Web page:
Drive-thru, pick-up, and delivery are available. Pre-order through June 30th by emailing PayPal payments accepted at (Please contact email first before paying on PayPal.)

Congresswoman Sylvia Garcia exposed to deadly virus, self-quarantined

Congresswoman Sylvia Garcia (Photo by Allan Jamail)

By Allan Jamail

Houston, TX. – June 16, 2020 – Today Congresswoman Garcia told NC Star writer Allan Jamail that she’s in self-quarantine because of being exposed to a family member who had recently tested positive for the COVID-19 virus.

After consulting with her physician and the Attending Physician of the United States Congress, the Congresswoman went into self-isolating for the period of time recommended by the CDC.

Today Garcia said, “I’m thankful my #COVID19 test came back negative, but I still need to self-isolate and watch for symptoms out of an abundance of caution.”

“Working on behalf of the people of the Texas 29th Congressional District in the midst of this pandemic is my highest priority and I will be taking the necessary precautions to make sure I can continue fighting for our community. I want this to serve as a reminder for everyone in the Houston region and across the country that we are still combating COVID-19 and that everyone should be following public health guidelines that will help keep you and your loved ones safe and healthy,” she said.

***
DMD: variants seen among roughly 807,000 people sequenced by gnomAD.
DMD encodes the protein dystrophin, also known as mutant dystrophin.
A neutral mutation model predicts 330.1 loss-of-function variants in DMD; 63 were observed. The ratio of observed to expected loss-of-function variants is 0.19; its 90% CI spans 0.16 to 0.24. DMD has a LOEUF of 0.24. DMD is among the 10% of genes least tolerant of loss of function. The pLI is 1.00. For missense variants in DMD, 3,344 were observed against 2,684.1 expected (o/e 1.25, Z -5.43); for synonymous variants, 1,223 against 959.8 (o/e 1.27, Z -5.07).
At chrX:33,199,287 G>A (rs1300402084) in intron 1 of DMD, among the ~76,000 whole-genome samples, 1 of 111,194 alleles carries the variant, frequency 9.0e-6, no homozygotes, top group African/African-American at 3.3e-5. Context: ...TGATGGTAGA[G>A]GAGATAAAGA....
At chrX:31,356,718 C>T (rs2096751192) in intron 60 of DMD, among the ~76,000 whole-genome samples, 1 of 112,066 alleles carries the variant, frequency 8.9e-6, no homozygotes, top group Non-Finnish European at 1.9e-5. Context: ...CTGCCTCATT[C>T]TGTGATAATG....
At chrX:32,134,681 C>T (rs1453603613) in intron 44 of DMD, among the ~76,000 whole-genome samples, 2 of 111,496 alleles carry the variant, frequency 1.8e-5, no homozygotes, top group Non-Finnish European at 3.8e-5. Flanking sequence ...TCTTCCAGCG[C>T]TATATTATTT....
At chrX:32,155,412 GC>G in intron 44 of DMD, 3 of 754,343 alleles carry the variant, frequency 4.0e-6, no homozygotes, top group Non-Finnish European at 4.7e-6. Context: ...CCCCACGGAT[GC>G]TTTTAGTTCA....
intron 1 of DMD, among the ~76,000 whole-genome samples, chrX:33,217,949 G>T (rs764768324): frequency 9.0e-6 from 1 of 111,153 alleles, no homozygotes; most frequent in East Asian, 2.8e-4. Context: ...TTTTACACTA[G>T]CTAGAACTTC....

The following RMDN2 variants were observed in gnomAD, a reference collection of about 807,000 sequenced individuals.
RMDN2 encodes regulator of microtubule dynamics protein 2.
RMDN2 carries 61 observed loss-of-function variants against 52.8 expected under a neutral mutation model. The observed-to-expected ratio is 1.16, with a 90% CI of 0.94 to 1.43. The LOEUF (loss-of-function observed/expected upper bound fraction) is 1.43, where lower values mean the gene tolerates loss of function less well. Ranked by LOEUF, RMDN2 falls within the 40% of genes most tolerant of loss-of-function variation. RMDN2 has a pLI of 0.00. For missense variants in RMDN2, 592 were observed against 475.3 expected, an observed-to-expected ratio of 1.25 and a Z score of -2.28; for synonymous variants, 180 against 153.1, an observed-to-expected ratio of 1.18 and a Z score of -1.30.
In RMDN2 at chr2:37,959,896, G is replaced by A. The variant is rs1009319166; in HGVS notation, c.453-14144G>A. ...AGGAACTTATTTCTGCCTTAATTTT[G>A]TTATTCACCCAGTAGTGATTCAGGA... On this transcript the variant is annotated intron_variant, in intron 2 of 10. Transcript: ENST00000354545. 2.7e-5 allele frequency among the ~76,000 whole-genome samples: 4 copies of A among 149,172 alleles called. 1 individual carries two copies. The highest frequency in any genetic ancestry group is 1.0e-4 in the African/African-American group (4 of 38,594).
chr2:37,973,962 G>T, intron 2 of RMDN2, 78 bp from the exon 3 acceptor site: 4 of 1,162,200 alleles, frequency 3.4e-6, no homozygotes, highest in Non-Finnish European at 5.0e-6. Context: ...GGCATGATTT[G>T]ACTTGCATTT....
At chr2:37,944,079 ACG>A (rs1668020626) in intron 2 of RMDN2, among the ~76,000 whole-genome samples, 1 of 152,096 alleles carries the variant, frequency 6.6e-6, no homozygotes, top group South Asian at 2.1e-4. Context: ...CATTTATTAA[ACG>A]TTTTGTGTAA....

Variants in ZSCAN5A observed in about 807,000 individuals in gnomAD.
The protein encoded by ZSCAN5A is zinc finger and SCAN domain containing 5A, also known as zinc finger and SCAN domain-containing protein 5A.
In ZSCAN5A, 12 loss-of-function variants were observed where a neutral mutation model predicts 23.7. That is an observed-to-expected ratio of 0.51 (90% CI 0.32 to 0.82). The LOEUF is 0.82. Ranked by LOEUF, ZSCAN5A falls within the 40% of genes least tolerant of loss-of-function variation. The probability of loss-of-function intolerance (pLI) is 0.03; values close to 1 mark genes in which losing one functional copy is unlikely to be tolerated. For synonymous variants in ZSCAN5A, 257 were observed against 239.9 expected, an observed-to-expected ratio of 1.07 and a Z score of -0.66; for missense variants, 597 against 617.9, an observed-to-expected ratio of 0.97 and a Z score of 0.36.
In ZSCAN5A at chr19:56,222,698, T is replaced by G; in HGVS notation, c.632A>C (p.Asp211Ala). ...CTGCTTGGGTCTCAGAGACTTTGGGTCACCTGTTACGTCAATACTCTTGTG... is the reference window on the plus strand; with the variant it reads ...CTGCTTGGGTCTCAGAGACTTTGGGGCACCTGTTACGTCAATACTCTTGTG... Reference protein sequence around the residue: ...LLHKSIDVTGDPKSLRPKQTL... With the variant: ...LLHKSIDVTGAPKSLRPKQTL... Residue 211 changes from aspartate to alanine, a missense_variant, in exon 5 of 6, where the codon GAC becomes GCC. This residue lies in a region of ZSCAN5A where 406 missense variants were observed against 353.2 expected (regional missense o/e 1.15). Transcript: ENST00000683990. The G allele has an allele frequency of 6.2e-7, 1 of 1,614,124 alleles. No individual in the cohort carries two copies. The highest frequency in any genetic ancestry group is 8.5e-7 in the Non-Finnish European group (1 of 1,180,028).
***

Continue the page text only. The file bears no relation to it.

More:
Two hangings in two days in Houston area raise community concerns

HOUSTON – Authorities were investigating the unusual discovery of two persons hanging from trees, in the greater Houston area.

One was a young teen in the Klein school district, and the other was a man found in the Shady Acres area of the city.

Both have been ruled suicides, and the following statements have been issued by the Sheriff and U.S. Representative Lee.

San Jacinto River Coalition: Virtual Meetings keeping public informed

By Gilbert Hoffman

The San Jacinto River Coalition normally meets every month on the first Tuesday, at a local community center. But since the Covid-19 lockdown mandated by Harris County, the community centers have been closed. To keep the community informed, SJRC/THEA director Jackie Young has been hold virtual reports that are available on the website.